// Mutate the resource with a value.
    mutate([{ title: 'foo', body: 'bar' }])
    // Mutate the resource relative to the old value..
    mutate((old) => [...old, { title: 'foo', body: 'bar' }])
  • refetch: Performs a refetching of the resource. This also broadcasts it to all other key listeners. Returns undefined if it’s unable to refetch.

    // Refetch the resource.
  • unsubscribe: Unsibscribes the event listeners. If createResource was used outside of a component, this method will need to be called manually when it’s no longer needed. By default, when the component unmounts it will clean up itself.

    // Remove the event listeners.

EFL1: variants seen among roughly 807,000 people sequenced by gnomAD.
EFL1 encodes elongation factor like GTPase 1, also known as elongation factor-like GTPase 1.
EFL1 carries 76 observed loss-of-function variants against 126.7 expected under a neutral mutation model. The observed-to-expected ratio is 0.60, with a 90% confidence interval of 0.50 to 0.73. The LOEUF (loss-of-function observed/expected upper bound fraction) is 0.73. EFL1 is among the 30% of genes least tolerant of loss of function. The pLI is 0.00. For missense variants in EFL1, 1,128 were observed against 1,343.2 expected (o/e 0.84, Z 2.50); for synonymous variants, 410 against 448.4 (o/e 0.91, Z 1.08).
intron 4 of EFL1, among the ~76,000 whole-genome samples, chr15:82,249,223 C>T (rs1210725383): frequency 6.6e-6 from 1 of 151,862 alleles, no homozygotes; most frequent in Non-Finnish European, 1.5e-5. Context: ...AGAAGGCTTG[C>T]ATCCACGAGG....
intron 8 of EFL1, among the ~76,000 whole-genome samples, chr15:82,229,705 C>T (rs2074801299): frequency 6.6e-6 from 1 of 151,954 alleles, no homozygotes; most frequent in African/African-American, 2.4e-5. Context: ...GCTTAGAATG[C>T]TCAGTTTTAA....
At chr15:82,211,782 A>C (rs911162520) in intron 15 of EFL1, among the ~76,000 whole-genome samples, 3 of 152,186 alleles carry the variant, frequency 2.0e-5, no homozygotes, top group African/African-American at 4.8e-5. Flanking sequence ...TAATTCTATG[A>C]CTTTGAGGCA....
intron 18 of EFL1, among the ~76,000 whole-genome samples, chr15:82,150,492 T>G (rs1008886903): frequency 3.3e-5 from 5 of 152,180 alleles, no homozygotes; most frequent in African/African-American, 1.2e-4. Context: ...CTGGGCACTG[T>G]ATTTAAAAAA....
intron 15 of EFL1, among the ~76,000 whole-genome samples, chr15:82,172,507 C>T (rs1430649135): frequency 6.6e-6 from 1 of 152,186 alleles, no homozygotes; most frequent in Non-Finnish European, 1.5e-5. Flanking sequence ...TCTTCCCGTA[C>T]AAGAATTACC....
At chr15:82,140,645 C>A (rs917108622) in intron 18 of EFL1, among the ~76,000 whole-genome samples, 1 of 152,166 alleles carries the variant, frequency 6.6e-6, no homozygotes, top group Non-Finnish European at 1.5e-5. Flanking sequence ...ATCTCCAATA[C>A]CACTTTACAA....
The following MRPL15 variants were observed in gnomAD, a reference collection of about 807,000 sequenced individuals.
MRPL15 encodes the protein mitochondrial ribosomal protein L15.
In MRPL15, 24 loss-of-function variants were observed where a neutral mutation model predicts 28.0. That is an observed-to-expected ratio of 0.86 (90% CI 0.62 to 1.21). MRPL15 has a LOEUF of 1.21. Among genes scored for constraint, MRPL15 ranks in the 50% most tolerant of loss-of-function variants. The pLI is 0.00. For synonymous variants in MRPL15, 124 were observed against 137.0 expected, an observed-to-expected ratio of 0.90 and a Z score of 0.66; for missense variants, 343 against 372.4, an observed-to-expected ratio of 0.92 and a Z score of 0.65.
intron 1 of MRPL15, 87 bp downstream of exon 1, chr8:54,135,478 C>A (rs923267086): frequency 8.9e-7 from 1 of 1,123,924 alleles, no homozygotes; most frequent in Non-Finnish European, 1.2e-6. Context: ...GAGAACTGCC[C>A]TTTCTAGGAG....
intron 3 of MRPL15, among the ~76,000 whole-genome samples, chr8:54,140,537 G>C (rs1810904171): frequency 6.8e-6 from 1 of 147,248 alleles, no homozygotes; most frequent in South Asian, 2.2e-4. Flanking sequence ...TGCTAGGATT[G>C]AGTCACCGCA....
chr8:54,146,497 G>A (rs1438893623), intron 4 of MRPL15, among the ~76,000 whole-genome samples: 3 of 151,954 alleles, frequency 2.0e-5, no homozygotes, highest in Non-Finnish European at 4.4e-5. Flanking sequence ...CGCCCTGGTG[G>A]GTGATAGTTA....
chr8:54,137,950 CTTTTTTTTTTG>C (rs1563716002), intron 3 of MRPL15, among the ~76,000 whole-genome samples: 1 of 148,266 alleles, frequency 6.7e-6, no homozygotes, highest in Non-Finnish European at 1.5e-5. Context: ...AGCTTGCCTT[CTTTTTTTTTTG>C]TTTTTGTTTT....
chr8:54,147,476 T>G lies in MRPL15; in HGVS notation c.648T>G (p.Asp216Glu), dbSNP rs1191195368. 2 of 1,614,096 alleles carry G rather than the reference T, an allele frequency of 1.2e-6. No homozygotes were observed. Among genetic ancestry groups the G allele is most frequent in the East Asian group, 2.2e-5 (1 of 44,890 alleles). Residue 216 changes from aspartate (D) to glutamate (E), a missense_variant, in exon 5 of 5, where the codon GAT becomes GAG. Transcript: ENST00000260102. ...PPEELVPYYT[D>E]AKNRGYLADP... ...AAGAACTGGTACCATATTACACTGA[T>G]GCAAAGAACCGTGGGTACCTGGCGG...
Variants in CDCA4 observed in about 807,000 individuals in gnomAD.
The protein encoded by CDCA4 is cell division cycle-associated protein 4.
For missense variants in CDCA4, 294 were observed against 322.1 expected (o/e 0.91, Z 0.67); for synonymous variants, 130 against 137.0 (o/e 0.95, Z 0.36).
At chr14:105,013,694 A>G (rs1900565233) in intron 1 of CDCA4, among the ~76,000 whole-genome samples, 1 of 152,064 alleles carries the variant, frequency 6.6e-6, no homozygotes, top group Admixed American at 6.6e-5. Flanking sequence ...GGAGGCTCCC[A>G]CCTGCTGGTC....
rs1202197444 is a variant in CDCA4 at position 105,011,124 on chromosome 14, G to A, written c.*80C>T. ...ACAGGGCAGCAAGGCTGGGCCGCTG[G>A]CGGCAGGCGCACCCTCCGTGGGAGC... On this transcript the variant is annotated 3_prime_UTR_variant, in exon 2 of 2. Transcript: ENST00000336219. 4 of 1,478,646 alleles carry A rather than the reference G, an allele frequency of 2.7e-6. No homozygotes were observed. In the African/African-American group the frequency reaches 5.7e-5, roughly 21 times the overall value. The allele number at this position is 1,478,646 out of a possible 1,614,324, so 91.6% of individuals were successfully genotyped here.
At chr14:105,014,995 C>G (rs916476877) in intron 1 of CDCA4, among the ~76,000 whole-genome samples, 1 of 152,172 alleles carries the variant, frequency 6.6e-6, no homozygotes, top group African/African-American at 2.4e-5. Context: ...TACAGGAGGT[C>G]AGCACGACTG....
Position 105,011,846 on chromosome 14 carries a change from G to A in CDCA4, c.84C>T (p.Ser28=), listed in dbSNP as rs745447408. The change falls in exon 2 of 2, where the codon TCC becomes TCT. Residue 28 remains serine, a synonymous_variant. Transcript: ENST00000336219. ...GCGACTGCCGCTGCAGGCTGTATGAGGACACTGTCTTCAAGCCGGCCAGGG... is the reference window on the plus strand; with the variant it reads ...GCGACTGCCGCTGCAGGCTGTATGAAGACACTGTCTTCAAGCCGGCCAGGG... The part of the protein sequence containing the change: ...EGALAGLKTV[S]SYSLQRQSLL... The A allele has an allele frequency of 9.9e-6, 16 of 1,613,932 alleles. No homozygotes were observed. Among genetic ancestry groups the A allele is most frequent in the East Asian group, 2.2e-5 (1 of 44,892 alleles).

• abort: Aborts the current resource key resolver / fetcher if that’s pending.

    // Aborts the current resource key.
  • forget: Forgets the current resource key on the cache.

    // Remove the key from the cache.
  • expiration: A Function that returns when the current key expires.

    // Get the expiration Date or undefined if no current key.
  • isRefetching: An Accessor<boolean> that allows you to know if there’s a refetching in the background.

    // This is a reactive value
    isRefetching() // true / false
    // In render functions...
    return (
      <Show when={isRefetching()}>
  • lastFocus: An Accessor<Date> that determines the last time the page was focused after the resource was active.

    // The last Date when the page was focused.
    <p>Last focus: {lastFocus().toString()}</p>
  • createFocusAvailable: A Function to create reactive variables to watch is focus refetching is available and how many ms till it is. Return value is: [Accessor<boolean>, Accessor<number>], usuualy typed as: [isAvailable, availableIn]. The parameter passed to the function determines the precision interval to update the reactive variables.